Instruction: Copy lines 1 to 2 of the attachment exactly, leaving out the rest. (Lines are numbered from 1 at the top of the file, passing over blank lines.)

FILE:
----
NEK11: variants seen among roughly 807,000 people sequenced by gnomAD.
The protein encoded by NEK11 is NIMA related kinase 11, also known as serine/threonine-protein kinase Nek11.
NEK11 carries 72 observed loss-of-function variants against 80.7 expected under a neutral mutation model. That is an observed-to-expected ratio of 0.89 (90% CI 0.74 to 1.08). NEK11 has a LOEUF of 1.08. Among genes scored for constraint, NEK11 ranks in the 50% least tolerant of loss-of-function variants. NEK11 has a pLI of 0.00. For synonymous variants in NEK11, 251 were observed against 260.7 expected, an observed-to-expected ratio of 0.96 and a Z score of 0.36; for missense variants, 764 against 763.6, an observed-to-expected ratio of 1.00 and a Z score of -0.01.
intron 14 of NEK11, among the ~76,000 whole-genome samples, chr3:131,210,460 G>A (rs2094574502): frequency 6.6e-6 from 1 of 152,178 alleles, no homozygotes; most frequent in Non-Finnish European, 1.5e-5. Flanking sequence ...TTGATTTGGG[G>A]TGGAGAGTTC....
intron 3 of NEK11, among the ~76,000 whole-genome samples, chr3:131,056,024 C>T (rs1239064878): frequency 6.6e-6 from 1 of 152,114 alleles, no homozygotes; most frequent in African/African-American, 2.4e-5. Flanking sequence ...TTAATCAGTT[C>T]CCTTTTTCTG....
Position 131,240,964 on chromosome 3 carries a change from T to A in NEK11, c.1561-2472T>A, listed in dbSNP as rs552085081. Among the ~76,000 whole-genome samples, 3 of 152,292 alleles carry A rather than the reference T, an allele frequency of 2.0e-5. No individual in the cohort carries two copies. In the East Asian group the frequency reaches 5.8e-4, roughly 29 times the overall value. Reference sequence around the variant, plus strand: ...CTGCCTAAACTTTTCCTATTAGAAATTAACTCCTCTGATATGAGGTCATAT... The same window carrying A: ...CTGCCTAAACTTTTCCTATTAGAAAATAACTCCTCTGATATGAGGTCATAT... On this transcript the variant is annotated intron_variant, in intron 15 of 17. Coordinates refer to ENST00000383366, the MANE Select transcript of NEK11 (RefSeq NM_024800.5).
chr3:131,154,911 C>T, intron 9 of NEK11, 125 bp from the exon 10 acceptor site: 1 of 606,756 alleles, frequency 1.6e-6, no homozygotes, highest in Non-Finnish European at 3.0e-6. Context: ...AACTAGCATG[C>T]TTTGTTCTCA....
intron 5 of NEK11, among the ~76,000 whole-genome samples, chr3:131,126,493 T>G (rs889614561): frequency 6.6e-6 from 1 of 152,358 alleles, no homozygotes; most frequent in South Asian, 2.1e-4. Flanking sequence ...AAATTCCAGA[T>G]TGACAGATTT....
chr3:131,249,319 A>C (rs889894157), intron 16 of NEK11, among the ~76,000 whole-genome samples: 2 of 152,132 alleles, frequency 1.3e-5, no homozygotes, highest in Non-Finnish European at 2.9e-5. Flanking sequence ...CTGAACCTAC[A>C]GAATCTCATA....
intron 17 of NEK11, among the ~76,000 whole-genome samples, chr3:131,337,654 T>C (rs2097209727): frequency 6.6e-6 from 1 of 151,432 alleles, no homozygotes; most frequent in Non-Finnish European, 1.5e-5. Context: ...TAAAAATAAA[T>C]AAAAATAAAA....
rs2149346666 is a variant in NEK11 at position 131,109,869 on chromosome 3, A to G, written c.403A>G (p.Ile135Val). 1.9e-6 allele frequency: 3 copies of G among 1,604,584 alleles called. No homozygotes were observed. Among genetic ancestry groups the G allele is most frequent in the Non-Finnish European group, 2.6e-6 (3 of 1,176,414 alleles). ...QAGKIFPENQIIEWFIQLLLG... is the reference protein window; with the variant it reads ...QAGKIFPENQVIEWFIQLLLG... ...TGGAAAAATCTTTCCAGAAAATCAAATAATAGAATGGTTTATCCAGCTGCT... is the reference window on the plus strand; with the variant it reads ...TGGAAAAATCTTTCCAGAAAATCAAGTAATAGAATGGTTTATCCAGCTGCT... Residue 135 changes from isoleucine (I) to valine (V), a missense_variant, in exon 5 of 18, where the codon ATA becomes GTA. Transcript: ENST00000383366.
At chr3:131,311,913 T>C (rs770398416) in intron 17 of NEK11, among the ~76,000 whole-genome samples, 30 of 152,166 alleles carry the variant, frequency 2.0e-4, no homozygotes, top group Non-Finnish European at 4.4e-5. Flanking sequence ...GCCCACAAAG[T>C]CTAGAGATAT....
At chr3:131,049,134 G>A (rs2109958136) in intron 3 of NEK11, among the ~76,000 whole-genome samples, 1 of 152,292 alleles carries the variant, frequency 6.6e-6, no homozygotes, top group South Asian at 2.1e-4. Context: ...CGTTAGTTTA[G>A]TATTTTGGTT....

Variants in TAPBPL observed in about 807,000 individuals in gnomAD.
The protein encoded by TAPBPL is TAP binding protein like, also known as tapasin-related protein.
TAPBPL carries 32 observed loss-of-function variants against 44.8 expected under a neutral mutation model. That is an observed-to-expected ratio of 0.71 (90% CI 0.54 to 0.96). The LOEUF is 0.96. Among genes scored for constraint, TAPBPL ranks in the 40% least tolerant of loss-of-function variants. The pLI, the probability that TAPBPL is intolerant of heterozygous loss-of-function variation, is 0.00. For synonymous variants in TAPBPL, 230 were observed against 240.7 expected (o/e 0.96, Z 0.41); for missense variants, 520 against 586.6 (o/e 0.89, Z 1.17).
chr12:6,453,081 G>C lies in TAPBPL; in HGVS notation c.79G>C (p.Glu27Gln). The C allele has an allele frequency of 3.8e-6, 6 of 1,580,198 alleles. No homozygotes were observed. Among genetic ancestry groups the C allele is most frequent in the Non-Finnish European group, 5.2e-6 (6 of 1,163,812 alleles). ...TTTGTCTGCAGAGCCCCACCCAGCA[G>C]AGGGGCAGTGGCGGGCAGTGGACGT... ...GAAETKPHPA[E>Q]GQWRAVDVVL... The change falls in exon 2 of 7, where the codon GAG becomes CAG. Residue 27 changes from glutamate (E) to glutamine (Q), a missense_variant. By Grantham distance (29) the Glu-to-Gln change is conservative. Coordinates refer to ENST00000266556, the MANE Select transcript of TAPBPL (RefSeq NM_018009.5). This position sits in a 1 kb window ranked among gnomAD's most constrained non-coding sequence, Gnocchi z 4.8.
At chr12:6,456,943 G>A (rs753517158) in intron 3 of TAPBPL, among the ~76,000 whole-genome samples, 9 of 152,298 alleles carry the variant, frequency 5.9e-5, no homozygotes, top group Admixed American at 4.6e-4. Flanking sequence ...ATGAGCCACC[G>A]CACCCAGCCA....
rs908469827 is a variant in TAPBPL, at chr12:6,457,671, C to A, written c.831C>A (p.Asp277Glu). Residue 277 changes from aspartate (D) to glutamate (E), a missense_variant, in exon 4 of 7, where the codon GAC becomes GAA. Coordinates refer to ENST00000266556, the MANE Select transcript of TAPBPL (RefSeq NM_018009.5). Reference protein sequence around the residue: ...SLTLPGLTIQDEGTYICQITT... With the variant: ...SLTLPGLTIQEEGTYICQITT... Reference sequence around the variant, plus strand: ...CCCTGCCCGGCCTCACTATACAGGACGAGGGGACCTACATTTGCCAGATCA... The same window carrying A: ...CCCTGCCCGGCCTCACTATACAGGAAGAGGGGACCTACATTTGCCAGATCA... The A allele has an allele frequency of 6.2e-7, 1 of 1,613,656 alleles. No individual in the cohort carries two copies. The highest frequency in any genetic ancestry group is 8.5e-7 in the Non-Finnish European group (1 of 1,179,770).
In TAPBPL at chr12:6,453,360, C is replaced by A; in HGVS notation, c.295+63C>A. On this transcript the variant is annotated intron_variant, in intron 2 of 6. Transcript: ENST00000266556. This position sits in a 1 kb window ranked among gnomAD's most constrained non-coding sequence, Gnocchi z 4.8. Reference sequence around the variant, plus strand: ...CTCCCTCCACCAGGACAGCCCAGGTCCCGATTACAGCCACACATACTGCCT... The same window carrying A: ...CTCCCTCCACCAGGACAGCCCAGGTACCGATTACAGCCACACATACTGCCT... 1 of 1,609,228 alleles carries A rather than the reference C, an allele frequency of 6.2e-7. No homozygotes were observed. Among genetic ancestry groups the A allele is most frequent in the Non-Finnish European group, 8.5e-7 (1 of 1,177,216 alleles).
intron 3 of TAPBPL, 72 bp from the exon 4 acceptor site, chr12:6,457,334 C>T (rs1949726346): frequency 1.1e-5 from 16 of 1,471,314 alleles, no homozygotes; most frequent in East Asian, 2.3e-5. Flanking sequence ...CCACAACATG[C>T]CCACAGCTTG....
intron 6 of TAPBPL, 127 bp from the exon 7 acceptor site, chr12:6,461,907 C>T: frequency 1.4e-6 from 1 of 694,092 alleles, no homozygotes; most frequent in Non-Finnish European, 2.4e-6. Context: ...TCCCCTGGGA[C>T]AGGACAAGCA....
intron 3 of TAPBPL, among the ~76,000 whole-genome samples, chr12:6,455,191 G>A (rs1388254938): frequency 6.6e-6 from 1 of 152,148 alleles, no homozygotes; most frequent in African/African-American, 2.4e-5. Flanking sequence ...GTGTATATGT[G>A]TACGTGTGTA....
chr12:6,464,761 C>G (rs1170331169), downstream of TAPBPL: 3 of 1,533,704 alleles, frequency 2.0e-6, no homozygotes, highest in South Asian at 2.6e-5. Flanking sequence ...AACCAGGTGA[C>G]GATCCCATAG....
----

NEK11: variants seen among roughly 807,000 people sequenced by gnomAD.
The protein encoded by NEK11 is NIMA related kinase 11, also known as serine/threonine-protein kinase Nek11.